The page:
I live in a multigenerational household. We have three generations under one roof. While I personally think it's great, it's also an extremely resilient way to live. Here's why:
- Safety is improved. The entire home is constantly being used. It's full of activity 24x7x365.
- We have a deep bench of skills/emotional support. We can pool our skills/training/knowledge (there is a lot of medical, mechanical, and military knowledge in our home) to solve problems. We can share chores. We also work together to resolve emotional problems/spats. In a big household there always seems to be someone that is neutral and can arbitrate.
- We are better off financially. Not only do we have more money coming in (numerous incomes), we spend MUCH less per person. Wealth accumulates faster and debt/bankruptcy is much less likely.
How to Make a Multigenerational Household Work
OK. For many people reading this, a multigenerational home might not be possible nor is it something they are interested in. For those that are interested in this, either as a lifelong or short term solution, here are some simple tips on how to make it work:
- Finances. Make and use a household budget. Build a household budget that allocates the costs of running the household (utilities, food, taxes, etc.). You could divide it based on income. You can divide into costs per person and have people contribute to a pool that pays the bills, or a generation could be responsible for paying specific bills. Finally, a combo of all three is possible (that's my approach).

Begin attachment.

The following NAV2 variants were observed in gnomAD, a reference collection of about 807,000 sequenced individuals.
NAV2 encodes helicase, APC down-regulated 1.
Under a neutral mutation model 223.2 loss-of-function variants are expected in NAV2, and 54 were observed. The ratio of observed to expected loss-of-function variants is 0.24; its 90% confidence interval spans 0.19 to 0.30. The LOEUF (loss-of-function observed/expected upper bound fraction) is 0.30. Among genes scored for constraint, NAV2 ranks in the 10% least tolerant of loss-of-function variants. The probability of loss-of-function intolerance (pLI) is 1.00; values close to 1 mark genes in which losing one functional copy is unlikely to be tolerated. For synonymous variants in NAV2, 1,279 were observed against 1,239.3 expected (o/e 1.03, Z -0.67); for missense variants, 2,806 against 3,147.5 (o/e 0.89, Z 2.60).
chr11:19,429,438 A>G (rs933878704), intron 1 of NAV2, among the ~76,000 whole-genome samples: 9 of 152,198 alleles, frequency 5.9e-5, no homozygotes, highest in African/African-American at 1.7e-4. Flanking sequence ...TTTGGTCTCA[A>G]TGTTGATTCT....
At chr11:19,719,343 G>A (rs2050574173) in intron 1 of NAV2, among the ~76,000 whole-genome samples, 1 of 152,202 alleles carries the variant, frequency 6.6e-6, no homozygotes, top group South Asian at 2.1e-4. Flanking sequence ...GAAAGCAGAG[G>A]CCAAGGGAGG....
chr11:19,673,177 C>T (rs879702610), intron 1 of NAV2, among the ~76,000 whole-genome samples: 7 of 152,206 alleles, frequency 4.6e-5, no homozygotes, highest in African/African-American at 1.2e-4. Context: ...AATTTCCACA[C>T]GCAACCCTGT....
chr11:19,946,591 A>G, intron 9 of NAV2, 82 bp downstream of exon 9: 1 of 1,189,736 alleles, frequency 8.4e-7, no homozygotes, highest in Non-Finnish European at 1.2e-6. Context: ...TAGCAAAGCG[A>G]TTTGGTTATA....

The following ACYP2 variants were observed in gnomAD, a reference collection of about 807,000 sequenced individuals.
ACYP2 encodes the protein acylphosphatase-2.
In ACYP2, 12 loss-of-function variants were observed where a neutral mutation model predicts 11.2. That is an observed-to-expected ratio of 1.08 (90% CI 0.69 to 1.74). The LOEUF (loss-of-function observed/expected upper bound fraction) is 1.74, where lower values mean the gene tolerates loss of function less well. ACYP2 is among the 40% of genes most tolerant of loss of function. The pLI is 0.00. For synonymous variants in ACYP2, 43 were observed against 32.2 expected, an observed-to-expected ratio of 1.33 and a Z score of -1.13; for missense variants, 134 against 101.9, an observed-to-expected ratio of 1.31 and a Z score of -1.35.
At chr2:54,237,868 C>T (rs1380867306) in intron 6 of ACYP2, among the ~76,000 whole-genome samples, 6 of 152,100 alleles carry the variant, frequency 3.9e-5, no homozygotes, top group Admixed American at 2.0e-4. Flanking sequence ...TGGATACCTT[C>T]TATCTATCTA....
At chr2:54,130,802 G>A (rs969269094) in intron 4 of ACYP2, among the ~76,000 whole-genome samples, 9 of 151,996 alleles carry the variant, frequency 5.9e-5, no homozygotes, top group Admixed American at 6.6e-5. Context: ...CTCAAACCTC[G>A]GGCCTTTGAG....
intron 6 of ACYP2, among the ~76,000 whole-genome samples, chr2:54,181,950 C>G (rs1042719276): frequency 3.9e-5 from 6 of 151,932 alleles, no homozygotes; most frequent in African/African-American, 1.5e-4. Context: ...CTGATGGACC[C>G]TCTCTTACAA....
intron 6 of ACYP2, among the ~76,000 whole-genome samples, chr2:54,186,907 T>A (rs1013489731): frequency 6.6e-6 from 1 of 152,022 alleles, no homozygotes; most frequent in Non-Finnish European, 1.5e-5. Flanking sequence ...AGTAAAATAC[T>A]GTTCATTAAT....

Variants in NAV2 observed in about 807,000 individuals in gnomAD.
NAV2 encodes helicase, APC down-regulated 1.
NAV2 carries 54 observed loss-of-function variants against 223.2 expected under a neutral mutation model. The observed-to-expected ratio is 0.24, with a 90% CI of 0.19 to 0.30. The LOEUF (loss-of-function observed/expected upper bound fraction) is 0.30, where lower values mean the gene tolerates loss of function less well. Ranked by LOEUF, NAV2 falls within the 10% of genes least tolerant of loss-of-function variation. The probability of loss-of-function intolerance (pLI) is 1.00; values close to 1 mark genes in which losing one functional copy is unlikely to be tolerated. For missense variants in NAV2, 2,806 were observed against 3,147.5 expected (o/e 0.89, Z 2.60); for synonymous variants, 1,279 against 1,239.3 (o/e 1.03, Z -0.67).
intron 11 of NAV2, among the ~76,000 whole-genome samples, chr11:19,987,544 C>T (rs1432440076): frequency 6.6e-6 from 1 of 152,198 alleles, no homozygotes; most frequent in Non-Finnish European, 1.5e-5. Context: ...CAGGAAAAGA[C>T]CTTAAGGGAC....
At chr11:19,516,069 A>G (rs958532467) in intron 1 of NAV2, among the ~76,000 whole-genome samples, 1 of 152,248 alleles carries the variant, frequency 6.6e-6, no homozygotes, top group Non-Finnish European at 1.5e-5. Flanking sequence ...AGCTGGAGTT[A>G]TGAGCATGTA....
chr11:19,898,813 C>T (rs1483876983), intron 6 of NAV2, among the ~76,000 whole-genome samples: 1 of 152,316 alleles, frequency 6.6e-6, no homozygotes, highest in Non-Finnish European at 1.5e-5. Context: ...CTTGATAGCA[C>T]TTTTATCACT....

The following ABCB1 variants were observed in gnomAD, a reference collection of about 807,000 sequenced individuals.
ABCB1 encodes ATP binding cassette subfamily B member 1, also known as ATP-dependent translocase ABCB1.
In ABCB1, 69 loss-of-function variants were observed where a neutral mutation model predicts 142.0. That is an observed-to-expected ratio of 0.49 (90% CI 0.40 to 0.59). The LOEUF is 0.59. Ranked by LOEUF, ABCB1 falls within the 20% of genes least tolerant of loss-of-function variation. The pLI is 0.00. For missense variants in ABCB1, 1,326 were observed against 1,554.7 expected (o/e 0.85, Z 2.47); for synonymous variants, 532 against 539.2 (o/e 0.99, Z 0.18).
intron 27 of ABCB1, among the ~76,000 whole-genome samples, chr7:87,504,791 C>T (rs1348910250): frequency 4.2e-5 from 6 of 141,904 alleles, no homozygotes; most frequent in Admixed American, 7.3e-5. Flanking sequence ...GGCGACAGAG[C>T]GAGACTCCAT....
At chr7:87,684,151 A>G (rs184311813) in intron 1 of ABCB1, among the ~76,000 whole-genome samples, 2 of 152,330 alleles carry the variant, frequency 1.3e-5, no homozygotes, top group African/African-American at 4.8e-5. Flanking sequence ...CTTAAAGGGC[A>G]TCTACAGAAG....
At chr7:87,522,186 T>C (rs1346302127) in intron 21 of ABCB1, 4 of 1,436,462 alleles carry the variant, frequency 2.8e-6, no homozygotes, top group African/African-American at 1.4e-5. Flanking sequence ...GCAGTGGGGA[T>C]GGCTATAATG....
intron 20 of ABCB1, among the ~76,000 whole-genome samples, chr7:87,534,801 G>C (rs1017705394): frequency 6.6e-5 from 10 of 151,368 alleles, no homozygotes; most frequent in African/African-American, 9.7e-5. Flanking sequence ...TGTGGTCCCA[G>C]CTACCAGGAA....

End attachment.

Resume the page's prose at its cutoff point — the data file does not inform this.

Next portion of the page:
- Housework. Divide up the chores. Making dinner. Cleaning up. Everyone has to do something. Balance household work with outside work. Appliances ease the pain of certain tasks (and you can divide the costs). Chores can be put into a calendar or done through an informal allocation depending on availability and role.
- Separate living areas (if possible). Attempt to build separate living areas (sound/distance). "Living areas" are a great way to relieve household stress since they allow alone time and a place to retreat to if things get crazy in the main part of the house. Optimally: every generation has a section of the house they have some control over, like furniture, decoration, and temperature (some sound proofing is an extra bonus).
- Family meetings are valuable to defuse problems and resolve issues. Get problems fixed fast. Before they fester/boil and explode.
- Rules of conduct. A big one: a strict limit on advice. A simple: give advice to another generation's adult only when asked for. Limits on noise (time and level). Expectations of privacy and ownership. Establish rules for using (including cleaning up after use) bathrooms and the kitchen.
- Spend quality time together. We eat together every night that its possible. It keeps us close and talking.